BEIRUT — The integrity of Lebanon’s COVID-19 vaccination plan was cast into doubt after MPs from several major political blocs received inoculations in a move the World Bank said was a violation of the national vaccine program it is partially financing.
Twelve MPs received vaccines at Parliament on Tuesday, the legislature’s secretary-general, Adnan Daher, told L’Orient Today. Four others had previously been vaccinated, he said. Five members of Parliament’s staff, including Daher, also received inoculations earlier in the day.
Separately, President Michel Aoun’s press office announced that he, his wife Nadia and 10 members of his staff had also been inoculated.
According to the national vaccination plan, front-line health care workers, those over 75 and those with serious medical conditions should be first to receive the vaccines, which only arrived in Lebanon the weekend before last.
Those found eligible are invited to make an appointment at a registered inoculation center — a procedure the 12 MPs appeared to bypass.
Wehbe Katicha, a Lebanese Forces MP who received a shot Tuesday, said in a statement that he had registered on the national vaccine platform on Feb. 6 and received a call Monday to go to Parliament, where he thought the Health Ministry had set up an inoculation center, to be vaccinated.
Several other MPs also denied responsibility for Tuesday’s incident, some citing the fact that they had registered to receive the vaccine. More than 700,000 people have registered to be inoculated, but must wait their turn receive shots.
“What has happened today we understand is clearly a departure from the national plan,” Saroj Kumar Jha, the World Bank’s director for the Middle East, told L’Orient Today.
This may lead to the partial suspension of the World Bank’s vaccine financing, Jha said.
The World Bank, which is providing $34 million in funding for the initial rollout of inoculations, is playing an active role in monitoring the vaccination campaign along with the International Federation of the Red Cross and Red Crescent Societies, or IFRC. Jha said the IFRC had confirmed Tuesday’s violation in a report to be made public at the end of the week.
“Whenever there is a violation of the terms and conditions agreed with the World Bank for any project, we have certain legal remedies we would need to take which involves partial suspension of the part of the financing that was not spent as per the commitment,” Jha said.
Jha stressed that for the time being, the World Bank was still in the process of gathering information on the violation and issuing a notice to the Lebanese government for an explanation before taking any action.
Under the supervision of the World Bank and the IFRC, some 2.1 million doses of the Pfizer-BioNTech vaccine will be arriving in weekly batches. The first batch of 28,080 doses arrived Feb. 13 and the second batch of 31,500 doses arrived this past weekend.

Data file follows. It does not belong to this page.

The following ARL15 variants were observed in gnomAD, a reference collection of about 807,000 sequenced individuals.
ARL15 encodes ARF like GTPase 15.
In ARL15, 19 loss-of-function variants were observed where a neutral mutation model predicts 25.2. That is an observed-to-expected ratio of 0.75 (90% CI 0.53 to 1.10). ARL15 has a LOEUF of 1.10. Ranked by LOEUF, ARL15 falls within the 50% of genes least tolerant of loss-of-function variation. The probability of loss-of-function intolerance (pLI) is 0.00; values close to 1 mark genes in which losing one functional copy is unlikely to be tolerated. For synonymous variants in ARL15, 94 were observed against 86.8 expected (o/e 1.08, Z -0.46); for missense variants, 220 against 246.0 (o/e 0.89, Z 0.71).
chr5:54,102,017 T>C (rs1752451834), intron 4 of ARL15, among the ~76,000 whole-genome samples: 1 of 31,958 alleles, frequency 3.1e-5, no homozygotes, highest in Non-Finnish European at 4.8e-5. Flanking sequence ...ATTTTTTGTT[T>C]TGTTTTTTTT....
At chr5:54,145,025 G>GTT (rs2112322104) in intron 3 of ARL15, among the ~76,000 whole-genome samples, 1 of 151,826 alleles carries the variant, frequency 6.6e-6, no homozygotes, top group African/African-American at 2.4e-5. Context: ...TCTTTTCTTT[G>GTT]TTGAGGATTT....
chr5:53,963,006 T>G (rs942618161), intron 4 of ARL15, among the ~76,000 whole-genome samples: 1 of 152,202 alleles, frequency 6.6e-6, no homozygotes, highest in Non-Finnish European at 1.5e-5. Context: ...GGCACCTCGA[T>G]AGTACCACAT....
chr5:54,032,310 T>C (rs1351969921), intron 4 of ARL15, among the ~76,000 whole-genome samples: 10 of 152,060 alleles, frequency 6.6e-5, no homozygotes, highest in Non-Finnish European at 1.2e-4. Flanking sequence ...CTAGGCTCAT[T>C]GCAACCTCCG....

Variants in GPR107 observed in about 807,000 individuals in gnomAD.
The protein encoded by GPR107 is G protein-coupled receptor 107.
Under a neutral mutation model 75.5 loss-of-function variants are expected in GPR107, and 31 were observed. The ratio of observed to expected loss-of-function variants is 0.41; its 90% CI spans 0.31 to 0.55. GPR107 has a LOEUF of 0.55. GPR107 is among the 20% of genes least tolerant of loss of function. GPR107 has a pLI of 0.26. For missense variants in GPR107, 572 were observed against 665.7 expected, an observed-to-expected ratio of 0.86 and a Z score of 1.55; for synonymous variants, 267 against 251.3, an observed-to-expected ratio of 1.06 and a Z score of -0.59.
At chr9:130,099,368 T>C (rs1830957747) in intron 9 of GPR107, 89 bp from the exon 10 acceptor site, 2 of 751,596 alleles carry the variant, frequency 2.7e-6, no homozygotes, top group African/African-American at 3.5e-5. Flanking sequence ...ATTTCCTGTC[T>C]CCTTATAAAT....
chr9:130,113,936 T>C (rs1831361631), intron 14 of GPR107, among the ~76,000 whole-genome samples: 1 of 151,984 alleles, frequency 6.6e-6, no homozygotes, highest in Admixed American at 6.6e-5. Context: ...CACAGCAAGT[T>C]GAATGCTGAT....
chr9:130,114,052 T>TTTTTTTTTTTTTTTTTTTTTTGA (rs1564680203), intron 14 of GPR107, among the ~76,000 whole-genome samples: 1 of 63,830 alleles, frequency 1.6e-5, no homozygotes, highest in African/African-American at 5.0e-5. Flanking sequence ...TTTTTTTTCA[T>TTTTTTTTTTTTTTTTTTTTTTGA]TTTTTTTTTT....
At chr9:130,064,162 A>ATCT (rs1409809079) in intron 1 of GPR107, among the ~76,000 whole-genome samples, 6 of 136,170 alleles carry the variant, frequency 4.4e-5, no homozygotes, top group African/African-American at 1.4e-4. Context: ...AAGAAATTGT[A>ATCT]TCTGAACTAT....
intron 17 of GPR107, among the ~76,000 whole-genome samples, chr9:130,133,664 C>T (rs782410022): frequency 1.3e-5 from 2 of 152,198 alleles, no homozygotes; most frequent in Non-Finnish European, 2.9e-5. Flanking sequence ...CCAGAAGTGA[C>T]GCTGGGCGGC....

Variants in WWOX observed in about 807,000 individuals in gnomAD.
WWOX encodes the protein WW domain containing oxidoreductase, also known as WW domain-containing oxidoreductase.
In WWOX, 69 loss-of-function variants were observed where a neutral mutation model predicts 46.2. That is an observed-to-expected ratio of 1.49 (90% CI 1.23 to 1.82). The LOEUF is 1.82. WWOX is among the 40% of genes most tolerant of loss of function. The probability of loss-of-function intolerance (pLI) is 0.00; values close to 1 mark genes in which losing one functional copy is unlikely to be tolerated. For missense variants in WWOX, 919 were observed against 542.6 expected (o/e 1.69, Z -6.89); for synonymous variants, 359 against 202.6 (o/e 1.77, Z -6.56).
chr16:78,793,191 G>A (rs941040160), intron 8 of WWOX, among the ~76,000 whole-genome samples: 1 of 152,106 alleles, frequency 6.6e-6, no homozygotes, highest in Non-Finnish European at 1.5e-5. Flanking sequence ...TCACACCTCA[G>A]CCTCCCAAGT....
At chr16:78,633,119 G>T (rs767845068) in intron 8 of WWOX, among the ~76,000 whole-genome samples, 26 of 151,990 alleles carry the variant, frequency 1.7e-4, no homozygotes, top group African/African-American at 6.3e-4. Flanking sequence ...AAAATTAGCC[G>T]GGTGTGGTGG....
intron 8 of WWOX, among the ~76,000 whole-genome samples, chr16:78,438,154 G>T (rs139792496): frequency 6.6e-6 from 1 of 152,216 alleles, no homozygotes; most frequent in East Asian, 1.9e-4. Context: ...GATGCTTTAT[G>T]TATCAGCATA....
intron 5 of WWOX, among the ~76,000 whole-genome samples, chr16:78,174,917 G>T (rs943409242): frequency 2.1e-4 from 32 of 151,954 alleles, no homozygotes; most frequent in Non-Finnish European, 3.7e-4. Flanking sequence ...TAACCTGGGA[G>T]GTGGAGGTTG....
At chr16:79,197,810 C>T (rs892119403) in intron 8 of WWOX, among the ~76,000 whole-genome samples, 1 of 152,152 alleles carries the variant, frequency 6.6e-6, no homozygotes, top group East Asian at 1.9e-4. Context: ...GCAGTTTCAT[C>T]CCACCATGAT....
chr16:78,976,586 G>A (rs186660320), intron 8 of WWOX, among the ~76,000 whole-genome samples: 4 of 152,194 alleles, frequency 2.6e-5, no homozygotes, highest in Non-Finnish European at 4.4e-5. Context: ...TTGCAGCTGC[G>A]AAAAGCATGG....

The Health Ministry’s official procedures for doling out inoculations stipulates that potential recipients must register with the government’s vaccination platform before receiving an appointment to go to one of the official vaccination centers. Appointments are given in line with the ministry’s prioritization protocol for vaccine administration.
The Health Ministry could not be reached for comment.
Abdul Rahman Bizri, the head of Lebanon’s national vaccination committee, at first promised to resign over Tuesday’s violation, but later backtracked, calling for clarification on the incident and condemning it as “a breach that hurts people’s confidence in the vaccination campaign.”
Parliament’s secretary-general defended vaccinating the MPs, however. “Their names are on the official platform … and this was done in the presence of representatives from the Health Ministry and the Lebanese Red Cross,” Daher said.
“We vaccinated them so we don’t overwhelm hospitals,” he added.
However, the Lebanese Red Cross issued a statement on Twitter saying it “has no role in supervising, coordination or planning the COVID-19 vaccination campaign.”
Earlier in the day, Daher said that MPs who had been inoculated were over 75 years old. But he later told L’Orient Today that “anyone who was vaccinated under 75 has illnesses confirmed by a doctor’s note.”
Daher confirmed that the following MPs received the vaccine on Tuesday:
• Deputy Speaker Elie Ferzli (FPM bloc/W. Bekaa-Rashaya), who is 71 years old
• Ghazi Zeaiter (Amal/Baalbeck-Hermel), 71
• Yassine Jaber (Amal bloc/Nabatieh), 70
• Ali Osseiran (Amal bloc/Zahrani), 74
• Wehbe Katicha (LF/Akkar), 78
• Anis Nassar (LF bloc/Aley)
• Salim Saadeh (SSNP/Koura)
• Assaad Hardan (SSNP/Marjayoun-Hasbaya), 69
• Albert Mansour (SSNP/Baalbeck-Hermel)
• Nicolas Nahas (Azm/Tripoli)
• Abdel-Rahim Mrad (Ind./W. Bekaa-Rashaya), 79
• Moustafa El Husseini (Ind./Jbeil), 75
He also confirmed that the following MPs had previously received the vaccine:
• Anwar El Khalil (Amal bloc/Marjayoun-Hasbaya), 82
• Michel Moussa (Amal bloc/Zahrani), 71
• Mohammad Kabbara (Future bloc/Tripoli), 76
• Neame Tohme (PSP bloc/Chouf), 86
BEIRUT — The integrity of Lebanon’s COVID-19 vaccination plan was cast into doubt after MPs from several major political blocs received inoculations in a move the World Bank said was a violation of the national vaccine program it is partially financing.Twelve MPs received vaccines at Parliament on Tuesday, the legislature’s secretary-general, Adnan Daher, told L’Orient Today. Four others...